As we discussed on Monday, a herniated disc can be a real pain in your….back. What did you think I was going to say?
And because a herniated disc can be extremely painful and put you off track of your daily activities, many people with this condition find themselves in a slump on the couch with their favorite “happy meal.”
Here is a news flash: being sedentary with a herniated disc is the fastest way to worsening your condition and bloating your belly. What you should be doing is working with your doctor or physical therapist on ways to strengthen your back and stabilize your core.
By strengthening you back, you are reducing risk of re-injury and disability. And because muscles surround your spine, when you strengthen them, you are ultimately releasing the pressure off of your herniated disc and allowing it to recover faster and stronger.
While you spend time strengthening your back, it is equally - if not more - important to stabilize your core. Every move you make, your core is activated. It aids us in breathing, bike riding and bathing. Get my point? Our core holds us steady and balanced, moving us the way our brain tells it to. It keeps our spine strong, stable and keeps our posture in line.
When you keep your core strong, you are also limiting your chances of injury, such as a herniated disc. But, if you already have a herniated disc, it is never too late to get your core in check to prevent re-injury and aide in your recovery.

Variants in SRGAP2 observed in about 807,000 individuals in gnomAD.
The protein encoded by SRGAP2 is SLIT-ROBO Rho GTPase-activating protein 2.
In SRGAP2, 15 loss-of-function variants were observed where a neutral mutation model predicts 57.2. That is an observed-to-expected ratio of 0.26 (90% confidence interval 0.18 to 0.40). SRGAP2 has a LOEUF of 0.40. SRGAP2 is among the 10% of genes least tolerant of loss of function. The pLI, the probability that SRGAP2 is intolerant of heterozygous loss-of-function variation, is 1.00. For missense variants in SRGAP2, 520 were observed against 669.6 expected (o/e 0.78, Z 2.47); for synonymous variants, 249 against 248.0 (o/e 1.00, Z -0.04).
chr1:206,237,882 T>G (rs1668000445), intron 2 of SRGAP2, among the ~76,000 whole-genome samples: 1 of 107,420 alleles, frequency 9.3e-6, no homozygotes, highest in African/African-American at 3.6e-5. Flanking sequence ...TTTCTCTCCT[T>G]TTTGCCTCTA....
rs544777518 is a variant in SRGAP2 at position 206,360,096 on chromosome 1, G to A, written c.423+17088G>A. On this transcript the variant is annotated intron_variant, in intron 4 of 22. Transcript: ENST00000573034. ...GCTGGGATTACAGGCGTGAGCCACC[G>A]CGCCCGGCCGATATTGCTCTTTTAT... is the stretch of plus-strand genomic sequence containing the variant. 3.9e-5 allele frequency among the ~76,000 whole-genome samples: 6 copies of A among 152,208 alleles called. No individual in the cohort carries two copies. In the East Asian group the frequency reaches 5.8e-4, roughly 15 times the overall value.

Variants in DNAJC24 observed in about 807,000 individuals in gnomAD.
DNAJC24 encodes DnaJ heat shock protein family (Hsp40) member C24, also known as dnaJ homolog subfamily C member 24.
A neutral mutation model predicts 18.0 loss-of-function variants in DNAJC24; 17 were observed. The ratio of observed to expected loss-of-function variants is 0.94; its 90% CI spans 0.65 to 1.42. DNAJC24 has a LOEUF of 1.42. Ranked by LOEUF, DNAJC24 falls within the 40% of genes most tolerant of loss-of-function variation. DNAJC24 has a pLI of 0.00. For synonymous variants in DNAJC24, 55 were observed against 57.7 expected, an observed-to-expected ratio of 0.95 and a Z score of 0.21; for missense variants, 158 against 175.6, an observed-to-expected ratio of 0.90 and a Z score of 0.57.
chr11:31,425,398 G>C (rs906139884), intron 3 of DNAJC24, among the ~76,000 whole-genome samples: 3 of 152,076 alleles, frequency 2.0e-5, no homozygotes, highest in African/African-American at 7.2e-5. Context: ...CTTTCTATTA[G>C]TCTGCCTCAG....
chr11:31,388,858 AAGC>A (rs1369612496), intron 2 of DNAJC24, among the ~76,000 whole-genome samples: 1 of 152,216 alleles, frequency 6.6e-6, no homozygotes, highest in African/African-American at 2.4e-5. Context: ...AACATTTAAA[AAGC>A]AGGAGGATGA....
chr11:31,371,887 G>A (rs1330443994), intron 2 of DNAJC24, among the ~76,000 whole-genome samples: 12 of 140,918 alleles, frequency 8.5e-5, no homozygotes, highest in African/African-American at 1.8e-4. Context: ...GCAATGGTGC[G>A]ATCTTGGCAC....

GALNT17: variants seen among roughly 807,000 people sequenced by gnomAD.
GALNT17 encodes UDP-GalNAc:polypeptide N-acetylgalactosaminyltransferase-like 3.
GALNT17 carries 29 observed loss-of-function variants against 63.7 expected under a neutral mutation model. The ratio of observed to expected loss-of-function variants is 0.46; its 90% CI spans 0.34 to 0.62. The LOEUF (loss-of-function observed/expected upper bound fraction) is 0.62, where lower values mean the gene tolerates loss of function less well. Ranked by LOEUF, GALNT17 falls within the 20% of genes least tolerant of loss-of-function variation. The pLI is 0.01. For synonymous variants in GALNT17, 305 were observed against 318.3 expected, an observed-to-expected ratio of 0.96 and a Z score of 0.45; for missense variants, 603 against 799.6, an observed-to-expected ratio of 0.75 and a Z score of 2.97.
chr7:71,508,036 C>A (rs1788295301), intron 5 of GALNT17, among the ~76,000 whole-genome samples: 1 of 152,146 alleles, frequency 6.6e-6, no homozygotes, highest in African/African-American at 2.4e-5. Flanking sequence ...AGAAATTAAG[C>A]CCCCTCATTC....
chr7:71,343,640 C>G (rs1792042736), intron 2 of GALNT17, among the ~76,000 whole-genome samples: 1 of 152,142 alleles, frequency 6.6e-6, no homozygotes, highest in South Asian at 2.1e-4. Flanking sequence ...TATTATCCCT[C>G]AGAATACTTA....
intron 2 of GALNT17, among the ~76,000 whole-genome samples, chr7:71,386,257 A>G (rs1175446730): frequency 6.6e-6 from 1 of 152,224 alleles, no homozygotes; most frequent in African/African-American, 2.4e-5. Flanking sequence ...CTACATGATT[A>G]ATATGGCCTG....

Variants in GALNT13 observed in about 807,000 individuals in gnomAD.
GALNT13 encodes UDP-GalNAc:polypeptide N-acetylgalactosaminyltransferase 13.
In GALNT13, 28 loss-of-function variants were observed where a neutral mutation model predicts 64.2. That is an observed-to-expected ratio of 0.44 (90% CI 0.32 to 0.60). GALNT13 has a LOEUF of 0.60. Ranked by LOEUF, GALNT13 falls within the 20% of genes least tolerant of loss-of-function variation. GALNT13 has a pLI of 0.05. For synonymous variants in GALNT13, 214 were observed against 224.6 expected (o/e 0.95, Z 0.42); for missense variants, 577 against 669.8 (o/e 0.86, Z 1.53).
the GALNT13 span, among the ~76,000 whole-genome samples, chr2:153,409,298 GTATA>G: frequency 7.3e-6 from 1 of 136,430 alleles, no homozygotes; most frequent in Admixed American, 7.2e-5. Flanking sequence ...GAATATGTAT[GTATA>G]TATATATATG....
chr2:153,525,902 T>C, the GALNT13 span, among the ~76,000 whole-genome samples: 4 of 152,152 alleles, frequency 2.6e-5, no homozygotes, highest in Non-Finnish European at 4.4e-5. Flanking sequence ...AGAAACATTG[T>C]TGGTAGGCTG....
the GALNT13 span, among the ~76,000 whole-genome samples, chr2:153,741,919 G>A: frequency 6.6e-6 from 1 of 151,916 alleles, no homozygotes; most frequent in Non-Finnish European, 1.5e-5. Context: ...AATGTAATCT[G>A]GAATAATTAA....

To strengthen your trunk, keep in mind that quality is more important than quantity. This means that doing 1,000 crunches without breathing will hurt you more than help you. In order to breathe normally during exercise, try breathing through your diaphragm. To know if you are doing this correctly, try lying on your back with your hands over your stomach. When you breathe, your hands should lift. Try to continue this breathing method throughout your workout. Feeling short of breath or just plain tortured while trying to contract your core muscles has absolutely no benefits for either your core or your spine. Only do exercises that allow you breathe normally throughout the entire routine.
Also, try to keep your spine in its standard position. Your spine naturally has curves it is, so whenever you bend it in unnatural positions you are adding unnecessary stress to it during your workout.
And because no one enjoys being in any type of pain, it’s never a bad idea to use old faithful – heat and ice. Talk to your doctor about the heat/ice ratio you should be doing to give you the best results.
On top of pain management, core stability and breathing exercises, some recommended treatments also include a massage and acupuncture. These forms of treatment are not a good fit for everyone, so be sure to consult your doctor first.
Always bear in mind that everyone recovers at a different rate. The good news is that for most cases of a herniated disc, they tend to heal on their own over time. Many cases improve significantly within a month, while most heal within six weeks. No matter what you recovery rate is, always be easy on yourself, have patience and keep moving. Your body wasn’t built to sit around all day, so don’t. An active life – herniated disc or not - is a healthy life.